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October 27, 2009

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Korean stem-cell scientist Hwang found guilty of fraud

A SOUTH Korean court yesterday found disgraced stem cell scientist Hwang Woo-suk guilty of fraud and handed down a suspended sentence in a case that sent shockwaves throughout the global scientific community.

Once regarded as a national hero after he claimed to be the first to successfully clone human stem cells, Hwang had faced trial on charges of fraud, misusing state funds and violating bioethics laws.

"He was guilty of fabrication," the Seoul court said, adding that Hwang illegally diverted research money for his own use.

"But he has shown he has truly repented for his crime," the court said.

Hwang's supporters broke into applause when the court sentenced him to two years in jail with a three-year suspension.

Prosecutors were seeking a four-year prison term, saying Hwang had set back scientific research and deeply embarrassed the country, which had once hoped to capitalize on Hwang's discoveries and vault to world leadership in stem-cell studies.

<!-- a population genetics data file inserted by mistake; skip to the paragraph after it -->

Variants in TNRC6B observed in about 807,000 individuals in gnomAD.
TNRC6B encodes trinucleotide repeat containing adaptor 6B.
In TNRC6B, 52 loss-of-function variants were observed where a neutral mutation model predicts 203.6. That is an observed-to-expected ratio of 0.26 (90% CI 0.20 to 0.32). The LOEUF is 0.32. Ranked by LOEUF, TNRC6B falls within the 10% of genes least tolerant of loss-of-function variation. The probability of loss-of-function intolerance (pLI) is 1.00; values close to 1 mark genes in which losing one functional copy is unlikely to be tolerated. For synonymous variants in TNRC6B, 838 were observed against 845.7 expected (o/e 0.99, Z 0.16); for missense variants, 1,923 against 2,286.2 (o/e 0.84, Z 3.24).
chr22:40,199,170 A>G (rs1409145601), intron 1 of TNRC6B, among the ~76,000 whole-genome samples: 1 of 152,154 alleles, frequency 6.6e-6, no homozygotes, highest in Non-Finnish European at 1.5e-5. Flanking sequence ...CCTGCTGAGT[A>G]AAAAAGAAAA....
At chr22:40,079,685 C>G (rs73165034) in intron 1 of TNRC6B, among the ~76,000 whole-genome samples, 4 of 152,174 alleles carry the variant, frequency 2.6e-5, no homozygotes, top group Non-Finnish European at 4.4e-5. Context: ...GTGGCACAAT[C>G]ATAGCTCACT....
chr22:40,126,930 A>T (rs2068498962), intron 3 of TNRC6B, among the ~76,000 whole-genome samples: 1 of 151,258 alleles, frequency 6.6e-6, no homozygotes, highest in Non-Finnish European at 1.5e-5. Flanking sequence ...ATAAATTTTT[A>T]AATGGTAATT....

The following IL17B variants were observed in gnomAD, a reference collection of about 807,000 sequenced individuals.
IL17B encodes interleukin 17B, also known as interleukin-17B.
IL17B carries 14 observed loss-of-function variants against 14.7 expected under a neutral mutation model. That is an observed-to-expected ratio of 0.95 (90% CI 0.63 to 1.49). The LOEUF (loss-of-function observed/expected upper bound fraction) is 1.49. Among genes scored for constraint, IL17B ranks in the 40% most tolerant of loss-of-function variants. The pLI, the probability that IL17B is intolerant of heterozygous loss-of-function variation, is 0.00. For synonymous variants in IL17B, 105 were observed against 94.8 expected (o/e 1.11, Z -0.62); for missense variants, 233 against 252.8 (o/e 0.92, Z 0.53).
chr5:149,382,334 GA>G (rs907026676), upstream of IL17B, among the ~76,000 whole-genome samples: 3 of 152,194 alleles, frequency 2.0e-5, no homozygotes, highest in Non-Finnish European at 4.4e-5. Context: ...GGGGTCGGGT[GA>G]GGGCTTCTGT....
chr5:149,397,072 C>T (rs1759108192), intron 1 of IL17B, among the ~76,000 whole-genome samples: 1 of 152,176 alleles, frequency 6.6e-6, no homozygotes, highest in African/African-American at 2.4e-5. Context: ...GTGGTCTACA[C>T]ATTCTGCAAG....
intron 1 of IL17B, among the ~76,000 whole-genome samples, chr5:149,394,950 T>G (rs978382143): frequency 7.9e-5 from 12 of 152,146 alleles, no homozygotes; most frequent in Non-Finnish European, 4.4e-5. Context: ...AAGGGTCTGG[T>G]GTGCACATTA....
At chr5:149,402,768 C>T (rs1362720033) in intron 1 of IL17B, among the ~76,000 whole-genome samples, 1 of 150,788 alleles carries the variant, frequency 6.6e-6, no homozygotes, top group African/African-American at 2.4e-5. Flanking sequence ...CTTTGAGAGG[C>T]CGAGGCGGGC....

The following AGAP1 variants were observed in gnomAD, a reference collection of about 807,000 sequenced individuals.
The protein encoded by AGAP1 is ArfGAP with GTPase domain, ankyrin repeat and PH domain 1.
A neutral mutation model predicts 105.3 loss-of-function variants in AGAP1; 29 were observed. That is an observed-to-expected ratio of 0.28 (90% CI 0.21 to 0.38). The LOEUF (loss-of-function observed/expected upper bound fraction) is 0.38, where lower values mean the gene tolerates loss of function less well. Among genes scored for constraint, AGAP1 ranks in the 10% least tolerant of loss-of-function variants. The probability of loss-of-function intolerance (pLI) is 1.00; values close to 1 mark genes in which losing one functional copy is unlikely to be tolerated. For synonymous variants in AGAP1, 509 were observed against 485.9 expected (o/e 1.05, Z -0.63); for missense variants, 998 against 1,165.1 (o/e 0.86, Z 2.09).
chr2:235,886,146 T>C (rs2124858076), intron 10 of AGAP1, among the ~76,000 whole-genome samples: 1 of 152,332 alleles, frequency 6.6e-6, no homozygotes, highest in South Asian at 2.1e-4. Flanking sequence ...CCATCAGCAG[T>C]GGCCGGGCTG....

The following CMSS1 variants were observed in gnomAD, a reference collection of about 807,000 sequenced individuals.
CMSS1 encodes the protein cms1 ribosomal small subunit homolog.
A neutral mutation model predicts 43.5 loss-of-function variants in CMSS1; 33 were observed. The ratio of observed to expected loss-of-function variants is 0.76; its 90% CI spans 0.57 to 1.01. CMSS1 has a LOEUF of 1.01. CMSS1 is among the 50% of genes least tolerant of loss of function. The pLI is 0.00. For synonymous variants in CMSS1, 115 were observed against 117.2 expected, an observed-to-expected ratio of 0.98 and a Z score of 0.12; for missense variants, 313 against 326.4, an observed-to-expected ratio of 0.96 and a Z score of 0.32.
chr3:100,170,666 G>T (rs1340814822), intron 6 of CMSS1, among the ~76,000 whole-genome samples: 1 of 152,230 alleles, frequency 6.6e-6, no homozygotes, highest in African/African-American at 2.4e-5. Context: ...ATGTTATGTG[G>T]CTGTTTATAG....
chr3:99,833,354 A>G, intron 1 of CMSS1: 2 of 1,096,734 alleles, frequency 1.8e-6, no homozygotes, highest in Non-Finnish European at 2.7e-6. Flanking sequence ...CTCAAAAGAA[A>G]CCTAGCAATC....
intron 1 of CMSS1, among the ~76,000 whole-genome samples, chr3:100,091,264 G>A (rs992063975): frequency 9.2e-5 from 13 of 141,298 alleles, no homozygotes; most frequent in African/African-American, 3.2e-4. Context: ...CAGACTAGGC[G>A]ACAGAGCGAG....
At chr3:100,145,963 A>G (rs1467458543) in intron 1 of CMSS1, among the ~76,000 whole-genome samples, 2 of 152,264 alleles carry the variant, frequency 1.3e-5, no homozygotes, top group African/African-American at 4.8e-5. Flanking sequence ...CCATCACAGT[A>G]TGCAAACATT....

Hwang, 56, and his lawyers did not speak to reporters.

The trial stretched more than three years and detailed the scientific work Hwang and his team had performed at Seoul National University.

Hwang's team had raised hopes of repairing damaged organs and treating diseases such as Alzheimer's by generating genetically specific tissue.

Stem cells are the body's master cells, giving rise to all the tissues, organs and blood. Embryonic stem cells are considered the most potent, having the potential to generate any type of tissue.

Investigators at Seoul National University said in late 2005 that Hwang's team fabricated vital data on human embryonic stem cells. Hwang resigned and the government revoked his stem-cell research license.

With major financial backing from his supporters, Hwang formed SooAm Biotech Research Foundation in 2006, which specializes in animal cloning and has produced cloned dogs.

Although scorned by many in the country, Hwang has fostered a small, devoted group of followers.

"Perhaps there is a chance that he might regain trust from people through sincere work. However, the truth has come out on his manipulated research and this has been made clear," said Park Jeong-woo, a professor of bioethics at Catholic University.


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